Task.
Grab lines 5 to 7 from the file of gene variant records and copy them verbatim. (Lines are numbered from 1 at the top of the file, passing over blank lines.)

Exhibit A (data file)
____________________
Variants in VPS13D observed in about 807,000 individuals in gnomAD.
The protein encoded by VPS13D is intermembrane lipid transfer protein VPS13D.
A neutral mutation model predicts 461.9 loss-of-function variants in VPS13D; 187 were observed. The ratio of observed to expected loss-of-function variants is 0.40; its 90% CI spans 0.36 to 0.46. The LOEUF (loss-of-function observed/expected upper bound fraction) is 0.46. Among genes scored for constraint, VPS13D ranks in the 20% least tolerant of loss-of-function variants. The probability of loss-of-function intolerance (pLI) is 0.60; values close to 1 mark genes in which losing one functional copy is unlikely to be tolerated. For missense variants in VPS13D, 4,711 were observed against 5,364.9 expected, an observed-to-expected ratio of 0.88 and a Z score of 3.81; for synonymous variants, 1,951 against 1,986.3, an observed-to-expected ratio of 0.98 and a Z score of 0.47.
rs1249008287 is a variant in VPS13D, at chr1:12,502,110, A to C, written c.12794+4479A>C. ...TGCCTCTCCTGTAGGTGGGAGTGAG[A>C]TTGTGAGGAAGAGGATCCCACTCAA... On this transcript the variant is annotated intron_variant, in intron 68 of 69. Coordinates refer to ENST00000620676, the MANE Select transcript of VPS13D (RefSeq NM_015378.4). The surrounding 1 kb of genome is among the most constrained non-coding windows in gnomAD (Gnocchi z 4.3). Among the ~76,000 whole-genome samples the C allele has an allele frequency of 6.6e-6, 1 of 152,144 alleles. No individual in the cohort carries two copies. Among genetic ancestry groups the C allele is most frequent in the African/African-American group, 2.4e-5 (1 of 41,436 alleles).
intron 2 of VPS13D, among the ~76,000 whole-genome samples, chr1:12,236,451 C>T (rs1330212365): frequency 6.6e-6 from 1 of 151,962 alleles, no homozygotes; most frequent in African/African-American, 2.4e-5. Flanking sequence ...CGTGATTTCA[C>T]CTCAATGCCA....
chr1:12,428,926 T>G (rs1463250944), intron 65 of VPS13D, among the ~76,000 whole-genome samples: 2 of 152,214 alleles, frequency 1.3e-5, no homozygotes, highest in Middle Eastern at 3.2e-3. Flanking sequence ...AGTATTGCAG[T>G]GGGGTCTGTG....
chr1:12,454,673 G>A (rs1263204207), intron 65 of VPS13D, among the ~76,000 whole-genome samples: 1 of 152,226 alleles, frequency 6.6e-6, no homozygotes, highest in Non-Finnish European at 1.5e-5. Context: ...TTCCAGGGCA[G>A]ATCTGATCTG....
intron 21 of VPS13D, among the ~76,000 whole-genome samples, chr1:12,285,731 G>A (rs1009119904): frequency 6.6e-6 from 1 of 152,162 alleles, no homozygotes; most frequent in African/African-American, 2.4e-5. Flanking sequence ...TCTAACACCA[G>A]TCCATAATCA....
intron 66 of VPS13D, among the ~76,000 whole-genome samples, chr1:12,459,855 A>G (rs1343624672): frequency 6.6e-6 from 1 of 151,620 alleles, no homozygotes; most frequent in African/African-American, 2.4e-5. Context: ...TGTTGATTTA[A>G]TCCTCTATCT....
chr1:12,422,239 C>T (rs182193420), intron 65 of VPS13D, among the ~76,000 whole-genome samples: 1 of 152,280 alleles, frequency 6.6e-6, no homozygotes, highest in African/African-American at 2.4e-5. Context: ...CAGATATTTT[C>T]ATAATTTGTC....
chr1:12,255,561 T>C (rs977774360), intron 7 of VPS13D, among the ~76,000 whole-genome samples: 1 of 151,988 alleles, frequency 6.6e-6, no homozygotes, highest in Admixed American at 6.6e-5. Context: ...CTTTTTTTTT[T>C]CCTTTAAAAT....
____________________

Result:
intron 2 of VPS13D, among the ~76,000 whole-genome samples, chr1:12,236,451 C>T (rs1330212365): frequency 6.6e-6 from 1 of 151,962 alleles, no homozygotes; most frequent in African/African-American, 2.4e-5. Flanking sequence ...CGTGATTTCA[C>T]CTCAATGCCA....
chr1:12,428,926 T>G (rs1463250944), intron 65 of VPS13D, among the ~76,000 whole-genome samples: 2 of 152,214 alleles, frequency 1.3e-5, no homozygotes, highest in Middle Eastern at 3.2e-3. Flanking sequence ...AGTATTGCAG[T>G]GGGGTCTGTG....
chr1:12,454,673 G>A (rs1263204207), intron 65 of VPS13D, among the ~76,000 whole-genome samples: 1 of 152,226 alleles, frequency 6.6e-6, no homozygotes, highest in Non-Finnish European at 1.5e-5. Context: ...TTCCAGGGCA[G>A]ATCTGATCTG....